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By now, we are all aware that social media has had a tremendous impact on our culture, in business, on the world-at-large. Social media websites are some of the most popular haunts on the Internet…

Social media and networks are big business–and big for YOUR business.

Social networks are no longer little communities off to the side, but have become, in my opinion, more of the embodiment of what the Internet “is” than the world wide web–especially to the younger generation.

To be competitive in business, understanding how social media affects society and how it can be leveraged is key to gaining traction against the competition.

Here is a closer look at the effect of social media on politics, business, socialization as well as some of the negative effects such as cyber bullying and privacy. […]

Impact on Business

Net savvy companies are using social media to advertise their products, build customer loyalty and many other functions. Interactions and feedback from customers help businesses to understand the market, and fine-tune their products and strategies. Many firms organize contests and give away prizes to enthuse consumers to visit their social website page more often. Compared to television advertisements and other expensive forms of marketing, social media presence is a cheap and effective means to enhance brand image and popularity.

The potential for B2B and B2C connections via social networking is incredibly powerful, but double-edged. Good news travels fast, bad news gets retweet to millions. Keeping a close eye on your brand and the health of your organization on social network can become a full time job.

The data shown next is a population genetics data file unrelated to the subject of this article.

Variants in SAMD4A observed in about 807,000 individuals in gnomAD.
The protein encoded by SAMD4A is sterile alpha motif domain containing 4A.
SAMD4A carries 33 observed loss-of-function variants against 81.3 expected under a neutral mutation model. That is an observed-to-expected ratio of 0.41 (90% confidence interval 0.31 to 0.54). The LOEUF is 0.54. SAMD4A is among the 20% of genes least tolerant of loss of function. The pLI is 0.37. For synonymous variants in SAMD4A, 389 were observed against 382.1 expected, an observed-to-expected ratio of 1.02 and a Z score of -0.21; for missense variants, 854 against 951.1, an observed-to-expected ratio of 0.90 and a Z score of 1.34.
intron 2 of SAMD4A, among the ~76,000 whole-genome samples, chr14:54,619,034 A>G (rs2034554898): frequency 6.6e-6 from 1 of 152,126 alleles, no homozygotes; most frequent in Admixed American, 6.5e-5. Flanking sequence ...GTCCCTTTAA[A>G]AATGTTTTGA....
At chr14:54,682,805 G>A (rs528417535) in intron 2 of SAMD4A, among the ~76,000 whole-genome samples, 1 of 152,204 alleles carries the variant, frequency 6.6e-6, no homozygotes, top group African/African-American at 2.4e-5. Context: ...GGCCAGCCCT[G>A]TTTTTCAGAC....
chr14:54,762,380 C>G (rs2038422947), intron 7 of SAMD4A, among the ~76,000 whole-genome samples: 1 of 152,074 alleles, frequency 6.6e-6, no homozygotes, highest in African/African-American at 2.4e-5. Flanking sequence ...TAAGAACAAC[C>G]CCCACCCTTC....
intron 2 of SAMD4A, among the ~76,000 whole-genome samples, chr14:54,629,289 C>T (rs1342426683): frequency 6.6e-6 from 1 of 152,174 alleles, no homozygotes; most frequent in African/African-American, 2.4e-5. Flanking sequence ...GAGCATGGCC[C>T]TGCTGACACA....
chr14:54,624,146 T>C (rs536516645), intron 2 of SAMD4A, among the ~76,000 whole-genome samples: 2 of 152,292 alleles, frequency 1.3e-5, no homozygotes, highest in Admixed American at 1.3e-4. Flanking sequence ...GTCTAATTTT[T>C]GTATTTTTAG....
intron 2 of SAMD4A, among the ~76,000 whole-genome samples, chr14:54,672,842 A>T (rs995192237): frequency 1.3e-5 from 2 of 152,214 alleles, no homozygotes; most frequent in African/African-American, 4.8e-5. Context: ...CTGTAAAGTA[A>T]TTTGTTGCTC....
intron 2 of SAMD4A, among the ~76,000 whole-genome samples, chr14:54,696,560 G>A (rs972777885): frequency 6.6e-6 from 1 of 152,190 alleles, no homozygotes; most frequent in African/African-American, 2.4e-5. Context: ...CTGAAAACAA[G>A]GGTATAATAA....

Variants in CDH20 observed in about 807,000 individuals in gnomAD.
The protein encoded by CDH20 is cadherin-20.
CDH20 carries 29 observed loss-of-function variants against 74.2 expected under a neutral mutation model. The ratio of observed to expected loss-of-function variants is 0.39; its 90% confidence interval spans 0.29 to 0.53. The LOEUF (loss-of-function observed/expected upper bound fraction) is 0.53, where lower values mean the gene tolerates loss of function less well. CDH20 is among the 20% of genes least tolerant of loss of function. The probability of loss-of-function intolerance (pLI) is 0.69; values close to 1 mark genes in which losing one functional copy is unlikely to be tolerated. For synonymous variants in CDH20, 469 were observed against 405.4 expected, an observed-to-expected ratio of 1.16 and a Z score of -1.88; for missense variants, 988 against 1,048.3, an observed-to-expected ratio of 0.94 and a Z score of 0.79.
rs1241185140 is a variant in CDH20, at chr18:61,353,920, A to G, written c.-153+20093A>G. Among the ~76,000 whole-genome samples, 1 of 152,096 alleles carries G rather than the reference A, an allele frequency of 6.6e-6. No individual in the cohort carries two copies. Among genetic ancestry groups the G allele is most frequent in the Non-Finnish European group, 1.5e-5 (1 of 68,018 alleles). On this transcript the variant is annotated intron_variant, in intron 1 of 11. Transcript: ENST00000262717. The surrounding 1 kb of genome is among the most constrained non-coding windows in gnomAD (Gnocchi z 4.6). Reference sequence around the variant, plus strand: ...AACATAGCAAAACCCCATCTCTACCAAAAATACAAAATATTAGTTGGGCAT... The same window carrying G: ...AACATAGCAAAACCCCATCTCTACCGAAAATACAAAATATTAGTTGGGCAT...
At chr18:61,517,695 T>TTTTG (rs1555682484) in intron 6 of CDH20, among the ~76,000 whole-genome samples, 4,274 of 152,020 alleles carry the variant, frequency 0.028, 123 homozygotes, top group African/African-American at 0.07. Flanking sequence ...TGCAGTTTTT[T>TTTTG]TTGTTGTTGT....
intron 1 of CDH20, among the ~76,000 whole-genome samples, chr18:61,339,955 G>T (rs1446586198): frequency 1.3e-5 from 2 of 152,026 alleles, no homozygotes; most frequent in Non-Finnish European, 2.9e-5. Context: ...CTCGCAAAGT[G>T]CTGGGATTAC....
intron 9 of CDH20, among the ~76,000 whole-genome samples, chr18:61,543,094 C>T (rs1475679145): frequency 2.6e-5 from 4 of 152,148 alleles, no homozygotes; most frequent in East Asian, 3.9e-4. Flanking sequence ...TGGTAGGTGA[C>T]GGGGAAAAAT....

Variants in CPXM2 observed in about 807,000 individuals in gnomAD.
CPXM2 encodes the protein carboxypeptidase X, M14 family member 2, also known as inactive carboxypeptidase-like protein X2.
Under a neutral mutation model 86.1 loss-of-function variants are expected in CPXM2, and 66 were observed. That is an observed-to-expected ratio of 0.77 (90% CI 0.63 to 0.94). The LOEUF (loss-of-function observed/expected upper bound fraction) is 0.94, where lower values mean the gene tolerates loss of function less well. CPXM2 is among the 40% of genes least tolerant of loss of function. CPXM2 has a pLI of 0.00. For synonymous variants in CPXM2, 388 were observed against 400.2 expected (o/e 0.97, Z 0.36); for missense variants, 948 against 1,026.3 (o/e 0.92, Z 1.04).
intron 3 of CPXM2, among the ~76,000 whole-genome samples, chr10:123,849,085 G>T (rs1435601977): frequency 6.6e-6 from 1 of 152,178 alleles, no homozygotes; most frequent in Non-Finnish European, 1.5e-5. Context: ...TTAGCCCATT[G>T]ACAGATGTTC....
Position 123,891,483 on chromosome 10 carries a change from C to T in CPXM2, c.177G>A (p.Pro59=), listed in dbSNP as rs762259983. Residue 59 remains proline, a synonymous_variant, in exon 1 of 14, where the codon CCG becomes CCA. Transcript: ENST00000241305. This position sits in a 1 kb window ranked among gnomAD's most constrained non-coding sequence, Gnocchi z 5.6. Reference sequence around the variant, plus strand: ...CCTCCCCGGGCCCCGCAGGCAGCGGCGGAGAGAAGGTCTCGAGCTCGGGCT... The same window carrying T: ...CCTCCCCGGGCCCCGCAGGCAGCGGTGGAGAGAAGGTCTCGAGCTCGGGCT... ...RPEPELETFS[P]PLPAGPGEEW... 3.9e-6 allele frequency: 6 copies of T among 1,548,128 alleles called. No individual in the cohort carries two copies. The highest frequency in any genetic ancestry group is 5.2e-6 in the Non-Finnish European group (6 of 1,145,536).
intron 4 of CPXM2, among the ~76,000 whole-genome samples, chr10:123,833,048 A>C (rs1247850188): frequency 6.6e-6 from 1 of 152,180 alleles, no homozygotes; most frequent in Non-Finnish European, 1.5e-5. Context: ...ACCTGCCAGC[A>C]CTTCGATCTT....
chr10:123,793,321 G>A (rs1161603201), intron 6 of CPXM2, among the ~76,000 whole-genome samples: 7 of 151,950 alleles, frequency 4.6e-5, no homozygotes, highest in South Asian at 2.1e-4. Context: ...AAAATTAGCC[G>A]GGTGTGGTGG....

• Watch for the effects of positive and negative press regarding your brand and address any inaccuracies–but NEVER falsify,
  • Keep the brand, message, and copy consistent across multiple social networks,
  • Leverage each social network for what it’s best at–engage everywhere, but understand the longevity of a tweet vs. a Facebook post.

Impact on Productivity

Many companies have blocked social networks on their office Internet as addicted employees can distract themselves on such sites, instead of focusing on work. In fact, studies show that British companies have lost billions of dollars per year in productivity because of social media addiction among employees.

I’ve worked for both sides of the “block all the thingz” argument and I believe it comes down to company culture over rules. Mobiles, tablets, and other devices work just fine to reach social networking sites, so blocking it on internal networks rarely prevents the usage. Rather than blocking it, I’d suggest teaching and building a company culture that reaches out and uses social networking. - Connect with knowledge experts to solve problems faster and more efficiently, - Reach out to potential customers and “beta” brand ideas with almost zero overhead.

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